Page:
Wedding horse greets drivers

MOTORISTS in Ipswich had their Monday morning brightened up by an unusual sight.A white horse decked in red and gold stood at the corner of Valley Road and The Avenue as part of a Sikh wedding ceremony.

MOTORISTS in Ipswich had their morning brightened up by an unusual sight when Sikh wedding celebrations took place in the town.

A large white horse decked in sparkling red and gold caused traffic to slow down and motorists to stare as it stood at the corner of Valley Road and The Avenue yesterday morning.

The horse was part of a traditional Sikh wedding ritual and caused quite a stir in the early morning drizzle.

The wedding of Jugpreet Singh, of Valley Road, and Khuramjot Kaur, of Peterborough, was due to take place in Peterborough later in the day but before guests boarded coaches to take them up the A14 there was an array of colourful dancing and singing in the street.

The groom and a friend sat astride the white horse with £20 notes fastened to their decorative outfits. Both wore intricate head-dresses with long tassles covering their faces.

The male wedding guests stood round in a circle while individuals took turns to enter it, waving money, as the women looked on.

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Kimat Singh, his brother said: “The horse is supposed to depict the tradition that the man gets on a horse to ride to the lady's location but we had the horse here as I think it might have taken a while to get to Peterborough!”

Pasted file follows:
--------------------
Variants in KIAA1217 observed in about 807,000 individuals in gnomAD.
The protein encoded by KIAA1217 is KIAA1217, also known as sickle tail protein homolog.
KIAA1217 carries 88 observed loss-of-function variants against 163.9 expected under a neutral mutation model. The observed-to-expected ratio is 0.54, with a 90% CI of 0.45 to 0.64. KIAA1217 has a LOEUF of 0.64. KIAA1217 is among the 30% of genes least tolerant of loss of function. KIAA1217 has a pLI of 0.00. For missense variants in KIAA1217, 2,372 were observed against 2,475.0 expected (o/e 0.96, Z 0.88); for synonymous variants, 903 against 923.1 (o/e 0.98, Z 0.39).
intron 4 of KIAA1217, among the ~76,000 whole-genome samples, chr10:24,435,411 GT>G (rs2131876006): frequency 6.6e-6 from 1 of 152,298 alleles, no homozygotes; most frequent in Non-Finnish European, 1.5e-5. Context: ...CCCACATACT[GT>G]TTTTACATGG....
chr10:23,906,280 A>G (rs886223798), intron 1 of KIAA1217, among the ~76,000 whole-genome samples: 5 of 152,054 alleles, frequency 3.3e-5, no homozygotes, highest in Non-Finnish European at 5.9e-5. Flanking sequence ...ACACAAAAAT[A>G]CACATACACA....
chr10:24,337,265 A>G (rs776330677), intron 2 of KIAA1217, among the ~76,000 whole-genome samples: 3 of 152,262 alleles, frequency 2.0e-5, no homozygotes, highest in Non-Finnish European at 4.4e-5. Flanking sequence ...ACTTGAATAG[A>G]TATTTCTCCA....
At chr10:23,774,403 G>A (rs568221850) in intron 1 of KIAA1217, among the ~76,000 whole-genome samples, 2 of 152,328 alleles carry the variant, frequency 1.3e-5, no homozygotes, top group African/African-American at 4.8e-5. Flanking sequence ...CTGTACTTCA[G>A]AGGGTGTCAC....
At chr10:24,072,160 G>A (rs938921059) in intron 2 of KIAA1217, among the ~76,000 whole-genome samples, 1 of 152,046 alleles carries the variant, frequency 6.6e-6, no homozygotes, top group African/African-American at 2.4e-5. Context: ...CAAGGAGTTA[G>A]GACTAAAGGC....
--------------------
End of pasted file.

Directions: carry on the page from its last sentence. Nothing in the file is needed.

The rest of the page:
The singing and dancing attracted many neighbours who came to view the celebrations.

Around 150 guests left Valley Road in two coaches and a stretch limousine and were due to stop for a wedding breakfast in Cambridgeshire before travelling to the ceremony in Peterborough in the afternoon.

Sikh marriage is known as Anand Karaj which literally translate as “blissful union.”

Sikh marriages are usually arranged with families acting as little more than introduction services - the ultimate choice is always left to the girl and boy. In some cases the boy and girl choose each other first and then seek their parents consent and blessing.

In the east, Sikh marriages are typically a three-day affair which begins with the Braat (grooms family and friends) setting off for the girls house in the evening.

They are received, entertained and hosted by the girls family and spend the night at her house.

The following day the ceremony takes place at the local Gurdwara or at the girl's home.

Following the religious ceremony festivities, song and dance continue the remainder of the day with the groom and his family departing with the bride the following day.

In the west because of the constraints in time and difficulty in co-ordinating so many people, wedding are usually a one or two day affair.

Either the wedding occurs in the morning followed by a dinner and dance banquet in a hall or hotel at night, or the religious ceremony and banquet take place on consecutive days. In rarer cases only the religious ceremony takes place without any banquet.

n. Information source - www.sikhs.org

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